A program of animated shorts selected to demonstrate the concept and basic elements of sound design, as well as four acclaimed animated features, will be screened this week as part of the Film Foundation’s “Story of the Movies: The Animation Universe” development workshop for classroom teachers. Held at the Packard Campus from July 31—Aug. 2, the workshop’s afternoon and evening film programs are open to the public.
Thursday, July 31 (2:30 p.m.)
The Adventures of Prince Achmed (UFA, 1926)
The oldest surviving animation feature film, this German fairy tale is based on elements taken from the collection “One Thousand and One Arabian Nights.” Director Lotte Reiniger used hand-cut silhouettes and stop motion to create her story frame by frame. Preceding the feature will be three animated shorts, each chosen to demonstrate a different narrative structure: The Dot and the Line: A Romance in Lower Mathematics (MGM, 1965); One Froggy Evening (Warner Bros., 1955), which was added to the National Film Registry in 2003; and Enter Life (Pyramid Media, 1981).
Thursday, July 31 (7:30 p.m.)
Snow White and the Seven Dwarfs (Disney, 1937)
Walt Disney’s groundbreaking Snow White and the Seven Dwarfs—the first American animated feature film and a warm and joyful rendition of the classic Brothers Grimm fairy tale—is still in a class by itself. In addition to winning an Honorary Academy Award as a “significant screen innovation, which has charmed millions and pioneered a great new entertainment field,” the film was also nominated for best musical score. The animated classic was named to the National Film Registry in the registry’s inaugural year, 1989.
Friday, Aug. 1 (2:30 p.m.)
In this animation program geared more toward an adult audience, the way sound effects and music work together to communicate the filmmaker’s vision will be explored. The first half will include the opening scene from WALL•E (Disney, 2008), followed by several shorts including Gerald McBoing-Boing (UPA, 1950), which was added to the National Film Registry in 1995. The second part of the program will cover abstract and avant-garde animation and feature works by Len Lye and Oskar Fischinger. It will be followed by the 30-minute impressionistic The Man Who Planted Trees, which won an Academy Award for best short film animation in 1988.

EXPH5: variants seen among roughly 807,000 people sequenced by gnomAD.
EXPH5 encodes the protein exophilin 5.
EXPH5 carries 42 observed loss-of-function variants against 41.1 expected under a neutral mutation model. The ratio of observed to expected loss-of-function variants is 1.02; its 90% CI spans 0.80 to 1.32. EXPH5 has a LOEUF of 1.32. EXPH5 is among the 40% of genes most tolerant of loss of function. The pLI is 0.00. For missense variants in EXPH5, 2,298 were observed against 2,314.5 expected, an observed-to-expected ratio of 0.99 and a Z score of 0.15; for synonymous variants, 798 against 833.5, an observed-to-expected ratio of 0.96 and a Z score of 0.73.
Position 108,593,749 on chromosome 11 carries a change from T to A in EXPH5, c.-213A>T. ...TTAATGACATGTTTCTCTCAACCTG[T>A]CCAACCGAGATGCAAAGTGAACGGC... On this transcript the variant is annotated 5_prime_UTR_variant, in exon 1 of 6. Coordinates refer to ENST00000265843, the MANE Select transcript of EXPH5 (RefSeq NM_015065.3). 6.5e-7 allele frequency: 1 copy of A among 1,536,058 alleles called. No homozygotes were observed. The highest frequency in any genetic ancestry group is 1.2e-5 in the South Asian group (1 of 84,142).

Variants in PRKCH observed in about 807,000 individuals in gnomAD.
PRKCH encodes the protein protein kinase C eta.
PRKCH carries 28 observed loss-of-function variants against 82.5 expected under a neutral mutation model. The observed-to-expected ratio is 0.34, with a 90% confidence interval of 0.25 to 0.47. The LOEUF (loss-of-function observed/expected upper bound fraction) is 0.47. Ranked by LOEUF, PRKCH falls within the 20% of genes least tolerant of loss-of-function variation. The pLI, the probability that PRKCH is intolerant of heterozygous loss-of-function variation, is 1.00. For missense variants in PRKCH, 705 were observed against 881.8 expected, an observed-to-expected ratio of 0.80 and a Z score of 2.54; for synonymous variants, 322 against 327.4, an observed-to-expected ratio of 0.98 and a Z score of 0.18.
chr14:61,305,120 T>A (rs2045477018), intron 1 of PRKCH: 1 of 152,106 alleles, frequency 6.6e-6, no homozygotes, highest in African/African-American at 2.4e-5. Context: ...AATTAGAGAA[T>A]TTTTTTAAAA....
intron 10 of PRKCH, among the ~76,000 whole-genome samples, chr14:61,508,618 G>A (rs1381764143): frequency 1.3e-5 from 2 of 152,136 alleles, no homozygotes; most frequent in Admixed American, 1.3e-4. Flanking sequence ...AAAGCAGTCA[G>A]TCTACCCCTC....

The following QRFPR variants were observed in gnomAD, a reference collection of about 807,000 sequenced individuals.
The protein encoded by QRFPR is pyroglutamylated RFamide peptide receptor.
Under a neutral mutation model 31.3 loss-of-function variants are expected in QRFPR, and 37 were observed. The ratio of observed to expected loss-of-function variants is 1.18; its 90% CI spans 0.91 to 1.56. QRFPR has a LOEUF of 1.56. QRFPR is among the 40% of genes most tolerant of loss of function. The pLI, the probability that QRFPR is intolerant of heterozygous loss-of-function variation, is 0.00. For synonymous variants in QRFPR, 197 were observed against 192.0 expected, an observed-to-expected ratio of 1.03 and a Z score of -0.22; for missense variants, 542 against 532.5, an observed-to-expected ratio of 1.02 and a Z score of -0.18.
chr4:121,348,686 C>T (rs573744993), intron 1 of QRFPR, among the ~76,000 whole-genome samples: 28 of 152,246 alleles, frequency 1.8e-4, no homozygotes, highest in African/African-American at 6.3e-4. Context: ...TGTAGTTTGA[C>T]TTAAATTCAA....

Friday, Aug. 1 (7:30 p.m.)
The Triplets of Belleville (Sony Picture Classics, 2003)
Madame Souza goes on a quest to rescue her grandson Champion, a Tour de France cyclist, who has been kidnapped by the French mafia. She is assisted by her obese hound Bruno and the Triplets of Belleville, music hall singers from the 1930s. Sylvain Chomet wrote and directed this charming tale that is told primarily through song and pantomime. It received Oscar nominations for best animated feature and best music for the original song “Belleville Rendez-vous.”
Saturday, Aug. 2 (2:30 p.m.)
The Iron Giant (Warner Bros., 1999)
In this animated family film, a boy makes friends with a guileless and colossal alien robot that a paranoid government agent wants to destroy. Brad Bird directed the sci-fi adventure based on the 1968 novel “The Iron Man” by Ted Hughes. The film features the voices of Harry Connick Jr., Vin Diesel, Jennifer Aniston and Eli Marienthal as Hogarth Hughes.